If you've ever used any kind of Linux or Unix operating system, you are probably familiar with the idea that "everything is a file" in those systems.
Some of the things that are considered files in Unix systems are:
That's a strange concept coming from other operating systems such as Windows, where files are just things like Excel documents, images, videos....
What this statement actually says is that everything is a "stream of bytes", which you can access through the filesystem.
In practice, this means that every IO operations uses the file system in some way, by means of something called a "file descriptor".
File descriptors are used for a lot of things: reading files and directories, devices, network communication... You can think of file descriptors as just numbers that the operating system uses to index open files on your computer.
The advantage of having everything on your system being represented by a file is that you can have just one protocol to interface with a bunch of very different things, thus making your life easier. This also allows for better interoperability.
If you navigate to some folder in your Linux machine (that contains some mix of basic text files and directories) and run the command
ls -l, you will see something like this:
-rw-rw-r-- 1 user user 96 ago 10 23:36 file.csv drwxrwxr-x 3 user user 4096 set 11 16:26 folder
ls -l command causes
ls to print files in a long listing format. The first character this command gives you is the file type, followed by nine characters representing the file permissions. The first character can be any of the following:
-- Regular file
b- Block file
c- Character file
l- Symbolic link
n- Network file
As you can see from the output, I have a simple
.csv file that is just a regular file, what my
/folder directory is still a file, but of type directory.
More interesting is that processes running on your machine are represented as files too. You can check that by yourself by starting any process on the background (by using the ampersand
& at the end of the command). For instance, I'm going to run the Vim on the background:
vim &  822091
This command returns the PID for this process, a number that uniquely identify this particular process.
Now you can navigate to the
/proc is really weird because it's just a virtual filesystem (it does not exist on disk!). But it's meant to represent all the running processes on your machine.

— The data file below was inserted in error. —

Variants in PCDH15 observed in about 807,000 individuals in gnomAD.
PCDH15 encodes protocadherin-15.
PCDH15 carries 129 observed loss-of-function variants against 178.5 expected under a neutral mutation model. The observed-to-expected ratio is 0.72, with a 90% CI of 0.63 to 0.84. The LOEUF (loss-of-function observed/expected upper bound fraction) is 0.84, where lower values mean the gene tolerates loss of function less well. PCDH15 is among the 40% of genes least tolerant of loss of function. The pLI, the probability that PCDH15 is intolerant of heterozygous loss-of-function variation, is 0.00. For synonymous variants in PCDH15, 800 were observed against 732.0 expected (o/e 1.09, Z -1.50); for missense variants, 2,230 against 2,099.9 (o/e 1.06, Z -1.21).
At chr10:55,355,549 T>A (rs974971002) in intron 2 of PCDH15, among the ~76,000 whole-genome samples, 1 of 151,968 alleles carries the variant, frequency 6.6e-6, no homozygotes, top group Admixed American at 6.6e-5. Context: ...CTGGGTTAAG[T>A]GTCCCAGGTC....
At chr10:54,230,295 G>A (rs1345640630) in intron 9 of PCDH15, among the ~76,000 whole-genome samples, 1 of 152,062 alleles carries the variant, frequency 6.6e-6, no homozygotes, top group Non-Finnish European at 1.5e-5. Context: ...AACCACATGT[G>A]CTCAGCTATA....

Here, each running process is represented by a folder. Since our instance of Vim is running with PID 822091, we can run
cd 822091 and navigate to a directory which contains information about this process in particular.
ls -l inside this directory, you will notice that there are a lot of files in there:
ls -l -r--r--r-- 1 root root 0 set 19 14:44 arch_status dr-xr-xr-x 2 root root 0 set 19 14:44 attr -rw-r--r-- 1 root root 0 set 19 14:44 autogroup -r-------- 1 root root 0 set 19 14:44 auxv -r--r--r-- 1 root root 0 set 19 14:44 cgroup --w------- 1 root root 0 set 19 14:44 clear_refs -r--r--r-- 1 root root 0 set 19 14:44 cmdline -rw-r--r-- 1 root root 0 set 19 14:44 comm -rw-r--r-- 1 root root 0 set 19 14:44 coredump_filter -r--r--r-- 1 root root 0 set 19 14:44 cpuset lrwxrwxrwx 1 root root 0 set 19 14:44 cwd -> /root -r-------- 1 root root 0 set 19 14:44 environ lrwxrwxrwx 1 root root 0 set 19 14:38 exe -> /usr/bin/vim.basic dr-x------ 2 root root 0 set 19 14:44 fd dr-x------ 2 root root 0 set 19 14:44 fdinfo -rw-r--r-- 1 root root 0 set 19 14:44 gid_map
This means that processes are transparent for the user, and you can use the same set of tool to manipulate both simple
.csv file as well as running processes. That's the power of the "everything is a file" philosophy of Unix systems.
I think that the concept of everything being some kind of file is really cool. It starts making a lot of sense when your start learning more about it and finding out all the tricks you can do with it.